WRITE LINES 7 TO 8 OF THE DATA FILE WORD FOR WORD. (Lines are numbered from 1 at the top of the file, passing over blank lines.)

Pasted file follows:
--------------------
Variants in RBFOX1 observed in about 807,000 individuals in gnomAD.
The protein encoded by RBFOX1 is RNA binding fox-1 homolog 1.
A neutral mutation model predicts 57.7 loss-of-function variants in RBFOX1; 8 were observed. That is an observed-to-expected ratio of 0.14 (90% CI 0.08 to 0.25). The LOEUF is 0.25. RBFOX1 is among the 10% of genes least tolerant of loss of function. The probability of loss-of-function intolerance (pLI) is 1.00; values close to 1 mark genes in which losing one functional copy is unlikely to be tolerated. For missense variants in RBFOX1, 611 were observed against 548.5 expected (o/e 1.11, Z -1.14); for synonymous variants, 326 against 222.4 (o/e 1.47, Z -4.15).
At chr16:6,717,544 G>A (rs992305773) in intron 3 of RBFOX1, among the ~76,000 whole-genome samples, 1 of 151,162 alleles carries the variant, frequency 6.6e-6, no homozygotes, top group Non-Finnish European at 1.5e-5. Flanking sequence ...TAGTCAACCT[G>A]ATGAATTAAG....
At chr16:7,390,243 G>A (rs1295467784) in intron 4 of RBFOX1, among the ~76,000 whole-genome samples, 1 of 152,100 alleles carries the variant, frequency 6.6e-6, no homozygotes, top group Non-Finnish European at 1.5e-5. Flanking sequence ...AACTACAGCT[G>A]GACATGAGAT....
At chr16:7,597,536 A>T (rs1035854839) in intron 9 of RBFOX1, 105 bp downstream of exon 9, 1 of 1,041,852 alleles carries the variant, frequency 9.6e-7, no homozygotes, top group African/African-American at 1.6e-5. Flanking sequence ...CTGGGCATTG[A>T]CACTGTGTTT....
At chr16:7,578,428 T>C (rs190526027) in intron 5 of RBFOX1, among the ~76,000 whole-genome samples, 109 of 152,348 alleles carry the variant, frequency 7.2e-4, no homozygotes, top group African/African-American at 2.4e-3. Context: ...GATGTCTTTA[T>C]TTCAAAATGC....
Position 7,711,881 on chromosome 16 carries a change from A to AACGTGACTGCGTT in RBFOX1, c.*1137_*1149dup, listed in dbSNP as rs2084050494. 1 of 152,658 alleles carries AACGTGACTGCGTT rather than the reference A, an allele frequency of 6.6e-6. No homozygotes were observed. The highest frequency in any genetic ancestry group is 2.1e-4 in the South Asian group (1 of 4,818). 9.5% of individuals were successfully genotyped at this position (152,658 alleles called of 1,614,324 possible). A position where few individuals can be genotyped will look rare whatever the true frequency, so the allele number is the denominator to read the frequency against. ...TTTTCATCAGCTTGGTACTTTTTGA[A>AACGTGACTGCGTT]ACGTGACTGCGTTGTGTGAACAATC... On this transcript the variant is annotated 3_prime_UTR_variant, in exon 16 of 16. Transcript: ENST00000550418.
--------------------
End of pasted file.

At chr16:7,578,428 T>C (rs190526027) in intron 5 of RBFOX1, among the ~76,000 whole-genome samples, 109 of 152,348 alleles carry the variant, frequency 7.2e-4, no homozygotes, top group African/African-American at 2.4e-3. Context: ...GATGTCTTTA[T>C]TTCAAAATGC....
Position 7,711,881 on chromosome 16 carries a change from A to AACGTGACTGCGTT in RBFOX1, c.*1137_*1149dup, listed in dbSNP as rs2084050494. 1 of 152,658 alleles carries AACGTGACTGCGTT rather than the reference A, an allele frequency of 6.6e-6. No homozygotes were observed. The highest frequency in any genetic ancestry group is 2.1e-4 in the South Asian group (1 of 4,818). 9.5% of individuals were successfully genotyped at this position (152,658 alleles called of 1,614,324 possible). A position where few individuals can be genotyped will look rare whatever the true frequency, so the allele number is the denominator to read the frequency against. ...TTTTCATCAGCTTGGTACTTTTTGA[A>AACGTGACTGCGTT]ACGTGACTGCGTTGTGTGAACAATC... On this transcript the variant is annotated 3_prime_UTR_variant, in exon 16 of 16. Transcript: ENST00000550418.